As a waiter for going on 14 years now, I can honestly categorize Mick Vann's article as one of the most dead-on I've seen penned on the topic of tipping and food service. I must, however, take issue with the idea that it is somehow an unwelcome advance into personal territory for a server to reveal his or her name to a guest. Speaking for myself, the impetus behind the first-name basis with a table has, for the most part, to do with a concern for the party's ability to contact me via other staff when I'm otherwise occupied. If the table is unaware of my name, all bets are off as to whether they can communicate to a busy staff member that they need extra butter, a new bottle of wine, or a myriad other concerns that can suddenly crop up during a night out. Of course, we do our best to anticipate these issues before we have to turn our attention elsewhere on especially busy nights but if I'm taking an order three tables over and Table 12 desperately needs their check, they'll have a much easier time asking the hostess to grab "Ryan" than "that brown-haired guy." I feel like I've, at this point, got a decent handle on who would and who wouldn't like to be "chummy" with me, and I honestly strive to make every diner's evening with me to be a beneficial (for both of us) experience. My personal introduction is not an attempt to tread onto your treasured space it's a sincere effort to serve you better.
What is Pat Johnson's problem ["Postmarks," Nov. 4]? Besides being a sad, lonely, little, angry man. Where to begin with this loser?
The so called "problems caused by the valet companies" that he mentions would hardly bother most sane individuals.
For one I would like to know of the "golden egg" Johnson speaks of.
If Johnson could only tear himself away from photographing the valets for just a moment he might have noticed that the price for valet in the Warehouse District goes no higher than $7, which with my meager math skills means parking two cars only adds up to be $14, not the $25 he says would cover the city's penalty. Not surprisingly he doesn't take into account that the valets don't keep that amount. Most people know they rely on tips. Which aren't increased when traffic is at a standstill.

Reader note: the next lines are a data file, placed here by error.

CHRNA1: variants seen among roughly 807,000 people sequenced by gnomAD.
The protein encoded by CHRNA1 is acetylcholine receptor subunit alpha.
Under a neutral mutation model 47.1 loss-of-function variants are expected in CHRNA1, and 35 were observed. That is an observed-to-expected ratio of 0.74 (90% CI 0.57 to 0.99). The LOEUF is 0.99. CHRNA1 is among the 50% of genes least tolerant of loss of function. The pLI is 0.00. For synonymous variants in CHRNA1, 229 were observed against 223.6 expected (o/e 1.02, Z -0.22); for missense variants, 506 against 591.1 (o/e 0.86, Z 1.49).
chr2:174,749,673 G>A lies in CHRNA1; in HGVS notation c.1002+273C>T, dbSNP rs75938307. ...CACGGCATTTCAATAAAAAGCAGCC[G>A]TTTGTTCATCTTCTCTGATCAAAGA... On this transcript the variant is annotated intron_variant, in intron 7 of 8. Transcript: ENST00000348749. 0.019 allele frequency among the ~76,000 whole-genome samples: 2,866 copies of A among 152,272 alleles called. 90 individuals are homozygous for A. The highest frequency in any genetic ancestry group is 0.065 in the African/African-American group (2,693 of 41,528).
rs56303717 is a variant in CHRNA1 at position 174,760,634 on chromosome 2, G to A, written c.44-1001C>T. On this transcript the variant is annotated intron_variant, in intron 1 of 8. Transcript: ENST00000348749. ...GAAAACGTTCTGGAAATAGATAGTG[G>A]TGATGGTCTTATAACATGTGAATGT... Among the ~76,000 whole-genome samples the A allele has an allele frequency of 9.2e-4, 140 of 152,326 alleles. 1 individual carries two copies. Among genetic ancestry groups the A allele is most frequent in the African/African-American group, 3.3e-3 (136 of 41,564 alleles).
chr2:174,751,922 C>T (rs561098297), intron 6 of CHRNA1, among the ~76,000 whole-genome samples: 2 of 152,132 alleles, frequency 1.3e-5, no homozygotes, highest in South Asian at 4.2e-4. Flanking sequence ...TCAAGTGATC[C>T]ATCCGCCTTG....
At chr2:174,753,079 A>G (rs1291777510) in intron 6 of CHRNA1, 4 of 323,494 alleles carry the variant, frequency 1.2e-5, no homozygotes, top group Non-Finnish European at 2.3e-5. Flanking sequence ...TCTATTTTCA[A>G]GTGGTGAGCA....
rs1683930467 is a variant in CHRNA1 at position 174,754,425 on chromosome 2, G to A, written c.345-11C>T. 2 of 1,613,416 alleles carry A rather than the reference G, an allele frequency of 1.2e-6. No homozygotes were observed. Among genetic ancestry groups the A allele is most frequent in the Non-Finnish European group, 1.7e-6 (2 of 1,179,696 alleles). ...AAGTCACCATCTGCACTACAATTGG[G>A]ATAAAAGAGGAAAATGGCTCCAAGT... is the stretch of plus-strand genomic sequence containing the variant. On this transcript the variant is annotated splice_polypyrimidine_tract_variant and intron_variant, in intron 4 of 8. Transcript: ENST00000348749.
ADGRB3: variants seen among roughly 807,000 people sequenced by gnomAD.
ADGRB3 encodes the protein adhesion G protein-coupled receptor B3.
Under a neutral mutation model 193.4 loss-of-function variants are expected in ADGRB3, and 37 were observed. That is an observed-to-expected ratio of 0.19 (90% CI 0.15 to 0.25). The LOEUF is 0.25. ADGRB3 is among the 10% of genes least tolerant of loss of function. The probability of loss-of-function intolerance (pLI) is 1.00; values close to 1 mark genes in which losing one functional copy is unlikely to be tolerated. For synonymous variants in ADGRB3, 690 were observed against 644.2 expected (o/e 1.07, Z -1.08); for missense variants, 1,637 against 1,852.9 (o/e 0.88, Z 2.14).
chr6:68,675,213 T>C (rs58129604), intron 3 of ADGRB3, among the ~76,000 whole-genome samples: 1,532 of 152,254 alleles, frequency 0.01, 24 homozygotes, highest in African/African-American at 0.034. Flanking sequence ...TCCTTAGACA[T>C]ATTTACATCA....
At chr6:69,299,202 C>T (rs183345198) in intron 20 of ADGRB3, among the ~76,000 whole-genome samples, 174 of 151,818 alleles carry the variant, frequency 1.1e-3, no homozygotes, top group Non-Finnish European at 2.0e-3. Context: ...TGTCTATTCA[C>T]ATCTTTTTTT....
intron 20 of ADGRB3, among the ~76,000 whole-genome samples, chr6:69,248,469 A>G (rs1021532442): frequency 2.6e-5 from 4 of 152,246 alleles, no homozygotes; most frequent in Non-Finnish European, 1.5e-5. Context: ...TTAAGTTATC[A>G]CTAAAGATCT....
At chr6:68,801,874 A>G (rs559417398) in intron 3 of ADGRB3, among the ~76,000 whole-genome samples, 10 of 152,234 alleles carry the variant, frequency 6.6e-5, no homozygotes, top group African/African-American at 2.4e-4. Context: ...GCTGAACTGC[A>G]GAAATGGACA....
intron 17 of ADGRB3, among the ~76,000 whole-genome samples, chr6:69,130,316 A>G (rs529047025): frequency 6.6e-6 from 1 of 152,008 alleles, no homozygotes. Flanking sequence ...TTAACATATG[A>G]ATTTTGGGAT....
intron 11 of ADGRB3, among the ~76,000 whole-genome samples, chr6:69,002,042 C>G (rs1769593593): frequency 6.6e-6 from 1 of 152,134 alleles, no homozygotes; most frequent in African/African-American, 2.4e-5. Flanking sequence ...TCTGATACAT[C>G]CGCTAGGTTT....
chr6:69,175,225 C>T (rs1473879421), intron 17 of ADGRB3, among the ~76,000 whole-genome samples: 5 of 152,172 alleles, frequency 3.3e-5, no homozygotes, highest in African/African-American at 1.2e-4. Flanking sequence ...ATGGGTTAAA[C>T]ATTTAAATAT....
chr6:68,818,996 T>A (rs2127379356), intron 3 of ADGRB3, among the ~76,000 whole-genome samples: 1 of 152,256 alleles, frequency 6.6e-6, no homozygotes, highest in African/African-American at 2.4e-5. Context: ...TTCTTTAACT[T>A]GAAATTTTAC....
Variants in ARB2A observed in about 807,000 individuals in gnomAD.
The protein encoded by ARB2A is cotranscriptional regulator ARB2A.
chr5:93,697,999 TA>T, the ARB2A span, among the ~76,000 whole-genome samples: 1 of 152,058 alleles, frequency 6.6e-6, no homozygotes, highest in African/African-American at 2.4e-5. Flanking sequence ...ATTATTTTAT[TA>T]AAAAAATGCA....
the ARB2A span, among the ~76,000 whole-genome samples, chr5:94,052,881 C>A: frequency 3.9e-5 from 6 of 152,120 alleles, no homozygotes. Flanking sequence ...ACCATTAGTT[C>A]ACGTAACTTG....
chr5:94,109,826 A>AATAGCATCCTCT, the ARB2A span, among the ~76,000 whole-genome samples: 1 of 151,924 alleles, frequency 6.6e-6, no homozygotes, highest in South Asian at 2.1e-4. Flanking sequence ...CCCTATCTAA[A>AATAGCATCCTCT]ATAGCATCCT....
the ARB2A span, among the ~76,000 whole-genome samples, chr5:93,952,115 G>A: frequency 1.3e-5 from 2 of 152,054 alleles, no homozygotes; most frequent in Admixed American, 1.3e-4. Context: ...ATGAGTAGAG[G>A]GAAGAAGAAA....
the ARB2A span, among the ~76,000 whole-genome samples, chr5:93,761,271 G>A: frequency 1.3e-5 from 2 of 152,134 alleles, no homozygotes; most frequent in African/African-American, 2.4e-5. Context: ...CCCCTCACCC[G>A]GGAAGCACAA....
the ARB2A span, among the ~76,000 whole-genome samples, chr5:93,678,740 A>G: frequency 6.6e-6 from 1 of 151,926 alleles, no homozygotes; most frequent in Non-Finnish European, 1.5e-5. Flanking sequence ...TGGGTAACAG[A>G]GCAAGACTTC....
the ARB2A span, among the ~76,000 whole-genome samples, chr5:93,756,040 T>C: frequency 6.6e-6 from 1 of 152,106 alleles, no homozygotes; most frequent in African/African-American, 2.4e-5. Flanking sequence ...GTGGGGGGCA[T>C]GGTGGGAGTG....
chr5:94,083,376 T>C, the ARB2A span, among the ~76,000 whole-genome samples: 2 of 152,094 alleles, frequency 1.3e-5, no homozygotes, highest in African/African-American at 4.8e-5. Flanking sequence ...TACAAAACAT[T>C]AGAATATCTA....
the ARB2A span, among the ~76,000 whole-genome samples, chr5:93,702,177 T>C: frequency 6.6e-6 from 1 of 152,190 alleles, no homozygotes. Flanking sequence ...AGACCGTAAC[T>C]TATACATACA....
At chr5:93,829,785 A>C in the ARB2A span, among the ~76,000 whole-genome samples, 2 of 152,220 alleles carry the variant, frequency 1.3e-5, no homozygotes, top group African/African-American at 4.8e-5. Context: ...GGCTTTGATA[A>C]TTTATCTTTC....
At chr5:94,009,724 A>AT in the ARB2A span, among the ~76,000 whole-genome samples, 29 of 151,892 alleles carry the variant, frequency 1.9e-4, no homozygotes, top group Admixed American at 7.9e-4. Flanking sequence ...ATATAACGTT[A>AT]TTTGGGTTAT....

So we can dispel the conspiracy that valets have it in for the taxpayer by filling the valet lane or blocking traffic. Besides, shouldn't traffic go slower to begin with since it is a high-pedestrian area?
As for increased enforcement by the city in that area I for one, being a taxpayer and all, would like to see that man power go to better patrols in other parts of the city like the West Campus area where it seems like the crime rate is worse than the Eastside's but without the stigma.
If Mr. Johnson and the COA are so concerned about the tax revenue lost maybe we should be like other cities and start charging on the weekends at our parking meters. Better yet, why don't the meters accept pennies? Last time I checked they were still a form of currency.
Now you guys are getting closer to the "truth" behind the Williamson County justice system ["Justice or Vengeance?," News, Nov. 4].
Strangely enough I was probably the last of Terence's adult friends to talk to him the night of that party, and it hurts to see that this story may be the one to put Williamson Co. under the microscope. He was a great kid and had a lot of potential, though I suppose that can be said of almost anyone, but he really did.
And I think that if this story can force a change in that joke of a justice system, Terry's mom will be more hurt (I didn't know her that well, but she doesn't deserve more pain). So I don't know where I should stand on this. Terence is gone, but his family isn't. The Williamson County justice system is long overdue for scrutiny, but this case will hurt people if it can be developed into something more than "the story o' the moment."
That's up to you guys, huh?
Ah, what am I saying. Nobody will do anything about WilCo and it will be business as usual. They'll sweep this story and every other under a rug, and life will go on. I suppose I should congratulate the reporter with a hearty "good story," but I don't think the magnitude of WilCo's "corruption" can even be imagined. I'm almost positive I heard the same phrase Brandon Threet probably heard (from the prosecutor, from the judge); it sounds like this: We don't care about the details in this case and we don't care about what you did or didn't do, we have a 98% conviction rate in this county and you're part of it.
Re: Best Response to Klan Rally: Ignore It: I am in complete agreement with the author (Kenney C. Kennedy) of this letter, posted Nov. 4 ["Postmarks Online"]. While the KKK's racist philosophy outrages and offends the majority of people, myself included, their right to free speech is protected under the First Amendment, no matter how ridiculous and ignorant it is. Rather than give them the attention they were seeking, it was far more effective to ignore their uneducated racist spewings. And, in the end, they made absolutely no impact. Next.